About 70 people attended today’s hearing. We appreciate everyone who made the drive to Austin today to support the fight for our health and natural resources!
Since Vulcan refused to provide full core sample data during discovery (presenting only a single self-selected sample), residents living adjacent to the proposed site ordered a rock core sample to be taken on their property—just 30 feet from one of Vulcan’s core sample drilling sites. The sample was tested by a certified lab (Wiss, Janney, Elstner Associates) and the results became available last Wednesday. At the start of the hearing, State Office of Administrative Hearings (SOAH) Administrative Law Judge Rebecca Smith granted our motion and admitted our core sample data. Among other things, our data shows crystalline silica content five times as high as the single (cherry-picked?) data sample provided by Vulcan.
Vulcan witness Gary Nicholls claimed that certain pollution controls are impractical and unreasonable because Vulcan’s rock crusher is portable and can/will be moved. (This was in direct contradiction to what Vulcan implied, if not stated, at the March 6 SOAH preliminary hearing: that they would likely not be moving the crusher at all.)
Vulcan witness David Knollhoff admitted that the air quality monitoring sensors used to model the estimated pollution (Selma and Heritage Middle School) were located 12 miles and 28 miles upwind from the proposed quarry location. None of the modeling data in the permit included any air quality data from Comal County. (This is important because Comal County hosts a disproportionately high amount of aggregate and concrete production activity. Over 25,000 acres—seven percent of all Comal County land is owned by aggregate companies. Eleven open-pit quarries/mines, 9 asphalt plants, 7 concrete batch plants, and two cement plants are located in or very near Comal County.)
Vulcan witness Dr. Lori Eversull stated that Vulcan drilled core samples at 41 different locations on the property and tested material from all 41 of these locations to determine the economic viability of the quarry. But when it came to air pollution modeling, they decided a single sample from three boring locations would be enough. Dr. Eversull stated that they “had a sense” that these three would be adequate to form a “representative” sample and that core samples from most of the 38 other locations had been destroyed. Our attorney made a motion for continuance (delaying the remainder of the hearing) since Dr. Eversull’s testimony relied extensively on materials and documents not presented in discovery. The judge denied the motion.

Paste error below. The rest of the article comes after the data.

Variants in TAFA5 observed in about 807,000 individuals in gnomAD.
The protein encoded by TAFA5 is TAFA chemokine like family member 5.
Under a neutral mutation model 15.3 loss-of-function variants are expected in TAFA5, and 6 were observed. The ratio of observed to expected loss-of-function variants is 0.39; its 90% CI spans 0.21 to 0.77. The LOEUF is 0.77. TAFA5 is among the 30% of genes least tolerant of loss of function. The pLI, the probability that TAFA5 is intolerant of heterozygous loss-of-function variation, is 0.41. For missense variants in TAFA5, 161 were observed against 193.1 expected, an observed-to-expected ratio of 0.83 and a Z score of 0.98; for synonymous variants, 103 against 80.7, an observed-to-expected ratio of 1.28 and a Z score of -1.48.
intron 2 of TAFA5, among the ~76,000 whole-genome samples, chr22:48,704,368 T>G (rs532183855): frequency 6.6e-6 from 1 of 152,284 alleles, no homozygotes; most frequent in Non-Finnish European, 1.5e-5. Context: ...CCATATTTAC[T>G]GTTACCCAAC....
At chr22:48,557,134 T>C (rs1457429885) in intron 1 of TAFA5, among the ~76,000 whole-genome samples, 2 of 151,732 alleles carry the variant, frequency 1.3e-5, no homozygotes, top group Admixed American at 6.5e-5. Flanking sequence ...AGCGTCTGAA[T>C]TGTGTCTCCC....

Tuesday (June 11) Highlights & What’s Next
About 50 people attended Tuesday, including some new attendees who could not be present Monday.
Joel Stanford, of TCEQ’s Air Permits Division, who reviewed and validated the permit as technically correct and administratively complete, stated that fence line air monitors would not be effective in determining the amount of pollution Vulcan emits because the traffic, BBQ smoke, agricultural residue, and “Mongolian” dust would skew the results.
TCEQ toxicologist Jong-Song Lee finally admitted, after several evasions, that health hazards like silicosis are directly related to the amount of crystalline silica emitted by all quarry operations (not just the rock crusher): “Yes, they could cause harm to human health and the environment.” Despite this clear health risk, TCEQ does not consider any air pollution from the quarry activities themselves—mining, blasting, product transfer, truck exhaust, etc.—the permit only covers and restricts pollution from the actual rock crusher.
Parties will now file written closing arguments and replies by early July. The SOAH judge plans to render a decision in this case by September 3, 2019. She could recommend complete denial, approval as is, or additional restrictions and requirements. Stop 3009 Vulcan Quarry and Friends of Dry Comal Creek are confident that upon review of the evidence and facts of the matter, the judge will agree with our conclusion: this permit contains insufficient protections for area residents and our state’s natural resources.
The courtroom hearing on the merits (i.e., trial) portion of the contested case hearing is currently scheduled for June 10-12. We need to pack the courtroom just like we did on March 6 in New Braunfels. Our quality of life, health, and natural resources are on the line. All affected parties should be present at the hearing. Contributors, those not named an affected person, and interested members of general public are encouraged to attend as well.
The contested case hearing on the merits will be a legal proceeding similar to a civil trial in state district court. The hearing will address the disputed issues of fact identified in the TCEQ order concerning this application issued on December 13, 2018. In addition to these issues, the State Office of Administrative Hearings judge may consider additional issues as well.
Arguments and motions during the hearing will be made by our legal team and attorneys for the other parties. Expert witnesses in air modeling, toxicology, and geology will likely be called and examined by both sides. Unless you have been summoned to testify, you will not need to speak or participate. Currently we expect most affected individuals will NOT be called to testify and will not need to speak at all. However, your presence in the courtroom is vital—especially if you are a named affected person.
If you desire to read any of the legal documents and motions that have been filed, visit the SOAH portal here. Click the green Public Case File Search button.